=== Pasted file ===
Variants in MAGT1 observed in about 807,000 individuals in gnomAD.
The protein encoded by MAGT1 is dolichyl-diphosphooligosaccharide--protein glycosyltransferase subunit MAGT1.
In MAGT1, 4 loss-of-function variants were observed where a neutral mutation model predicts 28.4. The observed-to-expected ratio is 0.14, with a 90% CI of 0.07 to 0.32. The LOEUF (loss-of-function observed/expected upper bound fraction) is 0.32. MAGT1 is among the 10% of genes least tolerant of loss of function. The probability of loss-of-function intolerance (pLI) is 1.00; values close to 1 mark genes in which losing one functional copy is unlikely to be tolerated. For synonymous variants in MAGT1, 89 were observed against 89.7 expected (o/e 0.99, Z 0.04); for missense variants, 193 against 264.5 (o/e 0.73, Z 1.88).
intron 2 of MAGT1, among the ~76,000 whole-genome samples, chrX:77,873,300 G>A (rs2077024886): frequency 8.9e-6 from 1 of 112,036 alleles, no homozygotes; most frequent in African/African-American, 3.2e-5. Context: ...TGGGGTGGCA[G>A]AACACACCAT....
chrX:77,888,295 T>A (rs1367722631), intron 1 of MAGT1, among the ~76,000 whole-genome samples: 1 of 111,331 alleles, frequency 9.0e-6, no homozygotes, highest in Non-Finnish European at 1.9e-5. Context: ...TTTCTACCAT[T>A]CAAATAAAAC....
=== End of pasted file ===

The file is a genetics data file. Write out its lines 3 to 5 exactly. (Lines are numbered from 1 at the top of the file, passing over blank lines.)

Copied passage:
In MAGT1, 4 loss-of-function variants were observed where a neutral mutation model predicts 28.4. The observed-to-expected ratio is 0.14, with a 90% CI of 0.07 to 0.32. The LOEUF (loss-of-function observed/expected upper bound fraction) is 0.32. MAGT1 is among the 10% of genes least tolerant of loss of function. The probability of loss-of-function intolerance (pLI) is 1.00; values close to 1 mark genes in which losing one functional copy is unlikely to be tolerated. For synonymous variants in MAGT1, 89 were observed against 89.7 expected (o/e 0.99, Z 0.04); for missense variants, 193 against 264.5 (o/e 0.73, Z 1.88).
intron 2 of MAGT1, among the ~76,000 whole-genome samples, chrX:77,873,300 G>A (rs2077024886): frequency 8.9e-6 from 1 of 112,036 alleles, no homozygotes; most frequent in African/African-American, 3.2e-5. Context: ...TGGGGTGGCA[G>A]AACACACCAT....
chrX:77,888,295 T>A (rs1367722631), intron 1 of MAGT1, among the ~76,000 whole-genome samples: 1 of 111,331 alleles, frequency 9.0e-6, no homozygotes, highest in Non-Finnish European at 1.9e-5. Context: ...TTTCTACCAT[T>A]CAAATAAAAC....